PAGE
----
Next release

Joel Goguen jtgoguen at gmail.com
Mon Aug 27 00:50:33 UTC 2007


On Sun, 2007-26-08 at 13:04 -0700, Donald &/or Mila Trombley wrote:
> Joel Goguen wrote: 
> > On Fri, 2007-24-08 at 19:56 -0300, Richard Seguin wrote:
> >   
> > > I love it!!!!!  How many people do you have in your group? We are at a
> > > slight disadvantage out here in the eastern provinces as our population
> > > is a lot less and spread out more...  I have thought of designing
> > > systems based on compatibility... I have also thought of the black box
> > > idea where you
> > > push the power button and up comes a screen... No configuration and
> > > really no flexibility (great for people who only want something for web
> > > surfing and email and such)... It would be money in our pockets...  The
> > > geographical area around here though makes it so that idea is a bit hard.
> > > 
> > > I guess it goes back to the post I made a few minutes ago...  WHY should
> > > people use Ubuntu...  any semi-geek knows that Windows and Linux are
> > > competitors... For my own efforts anyway I want to take that out of the
> > > equation...
> > > 
> > >     
> > This is close to what I keep coming back to.  Our culture is so in love
> > with money that when we see something totally for free, the immediate
> > reaction is almost invariably "something _must_ be wrong with it".  If
> > you say that nothing is wrong with it, or if you say that nothing is
> > wrong but... then you'll turn people off.  If you agree with them, it
> > doesn't matter what you say after that.  
> > 
> > The other curse (or a blessing depending on your point of view) is
> > choice.  People, contrary to what most F/OSS advocates say, do not
> > always want lots of choices.  Some of us (like me) prefer to have lots
> > of choices, but other people (like one friend of mine) want to have just
> > one way of doing it that just works.
> > 
> > Less technically literate people also want things to stay familiar.
> > That's a big reason why a lot of people are staying away from Vista -
> > it's not familiar to them.  I have no problem adapting to different
> > interfaces on different systems (but going from Gnome to KDE to FVWM can
> > throw me for a loop :)) but the biggest complaint I get from people is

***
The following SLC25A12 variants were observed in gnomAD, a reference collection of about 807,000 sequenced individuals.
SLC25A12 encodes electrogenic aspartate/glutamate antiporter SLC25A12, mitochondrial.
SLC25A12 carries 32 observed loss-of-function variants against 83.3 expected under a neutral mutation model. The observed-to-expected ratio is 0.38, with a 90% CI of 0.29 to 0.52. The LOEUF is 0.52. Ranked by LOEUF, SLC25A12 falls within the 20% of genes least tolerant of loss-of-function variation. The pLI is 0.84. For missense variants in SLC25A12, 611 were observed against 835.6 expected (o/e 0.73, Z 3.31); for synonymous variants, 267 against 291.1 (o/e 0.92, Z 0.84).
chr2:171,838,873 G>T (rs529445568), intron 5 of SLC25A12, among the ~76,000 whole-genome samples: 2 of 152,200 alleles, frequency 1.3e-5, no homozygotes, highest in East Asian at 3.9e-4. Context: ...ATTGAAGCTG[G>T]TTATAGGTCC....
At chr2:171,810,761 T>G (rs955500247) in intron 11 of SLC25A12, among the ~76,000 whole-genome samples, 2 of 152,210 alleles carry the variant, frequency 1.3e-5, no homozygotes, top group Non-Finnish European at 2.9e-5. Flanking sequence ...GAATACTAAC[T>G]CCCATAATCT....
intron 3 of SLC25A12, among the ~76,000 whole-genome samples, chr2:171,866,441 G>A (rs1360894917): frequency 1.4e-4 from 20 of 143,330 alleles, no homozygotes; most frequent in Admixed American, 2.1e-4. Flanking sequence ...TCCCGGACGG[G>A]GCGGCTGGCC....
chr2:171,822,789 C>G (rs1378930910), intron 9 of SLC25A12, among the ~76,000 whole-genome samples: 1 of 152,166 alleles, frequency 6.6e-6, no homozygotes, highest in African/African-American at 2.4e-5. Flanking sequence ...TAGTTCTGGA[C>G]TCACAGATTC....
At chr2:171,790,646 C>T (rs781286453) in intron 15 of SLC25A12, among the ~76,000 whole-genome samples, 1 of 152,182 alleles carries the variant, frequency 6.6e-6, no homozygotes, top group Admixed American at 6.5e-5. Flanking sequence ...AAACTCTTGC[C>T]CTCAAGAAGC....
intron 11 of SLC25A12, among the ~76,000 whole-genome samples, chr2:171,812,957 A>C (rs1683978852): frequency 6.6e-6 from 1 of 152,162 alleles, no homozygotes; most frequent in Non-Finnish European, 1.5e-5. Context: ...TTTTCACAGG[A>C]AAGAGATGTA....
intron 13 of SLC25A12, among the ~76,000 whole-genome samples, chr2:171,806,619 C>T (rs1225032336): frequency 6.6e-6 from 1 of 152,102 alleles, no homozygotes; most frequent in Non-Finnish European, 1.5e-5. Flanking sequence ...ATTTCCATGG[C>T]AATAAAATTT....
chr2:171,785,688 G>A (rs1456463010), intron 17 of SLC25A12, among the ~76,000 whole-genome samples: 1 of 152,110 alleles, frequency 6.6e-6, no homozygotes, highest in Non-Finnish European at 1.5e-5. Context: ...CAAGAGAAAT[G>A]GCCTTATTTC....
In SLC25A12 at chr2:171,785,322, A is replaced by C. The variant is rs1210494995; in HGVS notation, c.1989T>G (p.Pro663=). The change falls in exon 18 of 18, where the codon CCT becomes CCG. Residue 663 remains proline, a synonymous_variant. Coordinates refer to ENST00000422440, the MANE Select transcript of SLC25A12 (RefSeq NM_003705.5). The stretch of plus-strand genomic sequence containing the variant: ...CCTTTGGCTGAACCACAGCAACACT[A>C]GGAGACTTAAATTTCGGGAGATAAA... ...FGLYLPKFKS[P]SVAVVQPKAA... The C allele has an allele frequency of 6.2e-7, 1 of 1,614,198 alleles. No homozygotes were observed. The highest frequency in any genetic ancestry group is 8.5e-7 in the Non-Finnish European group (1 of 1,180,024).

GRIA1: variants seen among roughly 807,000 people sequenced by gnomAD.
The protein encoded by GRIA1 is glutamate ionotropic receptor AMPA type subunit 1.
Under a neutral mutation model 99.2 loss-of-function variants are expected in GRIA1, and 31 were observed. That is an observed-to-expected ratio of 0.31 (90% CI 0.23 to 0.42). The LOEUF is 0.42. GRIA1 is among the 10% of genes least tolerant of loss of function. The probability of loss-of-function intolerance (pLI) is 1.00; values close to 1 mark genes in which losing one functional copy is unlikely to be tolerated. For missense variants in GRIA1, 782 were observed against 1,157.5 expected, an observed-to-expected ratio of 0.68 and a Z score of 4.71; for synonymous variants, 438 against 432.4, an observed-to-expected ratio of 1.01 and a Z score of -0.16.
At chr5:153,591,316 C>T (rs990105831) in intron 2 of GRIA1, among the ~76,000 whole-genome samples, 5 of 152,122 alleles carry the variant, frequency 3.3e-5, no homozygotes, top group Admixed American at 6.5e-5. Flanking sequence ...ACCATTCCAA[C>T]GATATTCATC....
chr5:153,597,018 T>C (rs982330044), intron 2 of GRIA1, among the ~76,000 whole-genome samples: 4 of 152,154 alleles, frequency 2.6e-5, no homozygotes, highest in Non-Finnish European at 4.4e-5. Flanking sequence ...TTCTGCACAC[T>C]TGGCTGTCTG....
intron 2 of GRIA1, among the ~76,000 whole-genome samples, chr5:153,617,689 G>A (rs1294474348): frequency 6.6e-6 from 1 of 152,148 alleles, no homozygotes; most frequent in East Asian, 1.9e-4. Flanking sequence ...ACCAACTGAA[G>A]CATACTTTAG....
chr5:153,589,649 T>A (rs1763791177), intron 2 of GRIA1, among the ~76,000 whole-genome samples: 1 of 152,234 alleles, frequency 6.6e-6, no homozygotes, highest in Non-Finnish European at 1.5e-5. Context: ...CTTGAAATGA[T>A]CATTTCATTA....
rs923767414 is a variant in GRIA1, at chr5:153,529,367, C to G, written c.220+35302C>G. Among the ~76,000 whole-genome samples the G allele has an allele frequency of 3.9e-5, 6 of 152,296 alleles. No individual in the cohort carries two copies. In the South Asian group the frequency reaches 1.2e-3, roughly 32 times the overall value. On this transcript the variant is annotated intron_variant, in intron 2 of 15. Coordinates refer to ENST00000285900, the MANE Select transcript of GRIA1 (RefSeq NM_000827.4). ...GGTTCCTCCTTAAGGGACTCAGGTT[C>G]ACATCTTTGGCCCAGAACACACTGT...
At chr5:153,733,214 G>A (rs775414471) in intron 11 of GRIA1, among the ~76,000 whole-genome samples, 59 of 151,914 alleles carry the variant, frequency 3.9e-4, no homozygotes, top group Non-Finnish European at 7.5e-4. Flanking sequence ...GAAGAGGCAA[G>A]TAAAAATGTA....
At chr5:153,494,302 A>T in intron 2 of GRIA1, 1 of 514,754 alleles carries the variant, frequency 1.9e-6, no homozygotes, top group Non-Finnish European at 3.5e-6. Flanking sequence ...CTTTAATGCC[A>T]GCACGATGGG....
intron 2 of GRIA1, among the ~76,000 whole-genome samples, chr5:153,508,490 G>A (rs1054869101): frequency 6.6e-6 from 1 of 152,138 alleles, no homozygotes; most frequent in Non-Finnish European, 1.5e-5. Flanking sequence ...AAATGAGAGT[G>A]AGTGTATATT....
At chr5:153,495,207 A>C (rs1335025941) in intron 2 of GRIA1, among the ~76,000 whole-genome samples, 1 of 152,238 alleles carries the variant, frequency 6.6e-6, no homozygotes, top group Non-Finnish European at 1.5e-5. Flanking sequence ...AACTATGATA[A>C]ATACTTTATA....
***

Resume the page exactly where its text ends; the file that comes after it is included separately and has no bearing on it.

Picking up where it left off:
> > that it's not familiar.
> > 
> > Finally, people don't like the command line.  I work for a university IT
> > help desk, and all the time people call in asking for help and decide
> > they would rather deal with their problem until one of us can do all
> > that "DOS stuff" for them.  There's nothing they can click on to do the
> > job, so it must be too hard for them.
> > 
> > Anyway, I know a lot of that is off topic, but after that first
> > paragraph I needed to say it.  At the very least, it's good things to
> > keep in mind when telling people about Ubuntu, or Linux in general.
> > 
> >   
> Personally, I do like the command-line way of accessing the
> information or programs which I wish to access...
> I used to be a DOS driver ;-) O:-) ! It gave me a lot of "control" in
> how I used the OS....But, unfortunately, I 
> became "lazy" in that I now am used to using the "Icon" way (Point &
> click (shoot)) to access the programs...
> Linux for now is still a largely unfamiliar territiory for me,
> although I am slowly getting used to its idiosyncrasies.
> BTW: How do I access the various command line features, which I wish
> to run (so far, I have been able to 
> most of them via "Point and Shoot" in XWindows format.....
This is pretty much what happened to most people :)  Remember back in
the day when you booted into DOS and you started Windows if you wanted
to by typing a command?  A lot of games up until Windows 98 (at least
the ones I played) required you to reboot in DOS mode and type a command
to get going.  Before Windows was common place, most people could use
the command line, but now it's the realm of "computer geeks".

-- 
Joel Goguen
http://jgoguen.net/
The human mind treats a new idea the way the body treats a strange
protein -- it rejects it.  -- P. Medawar
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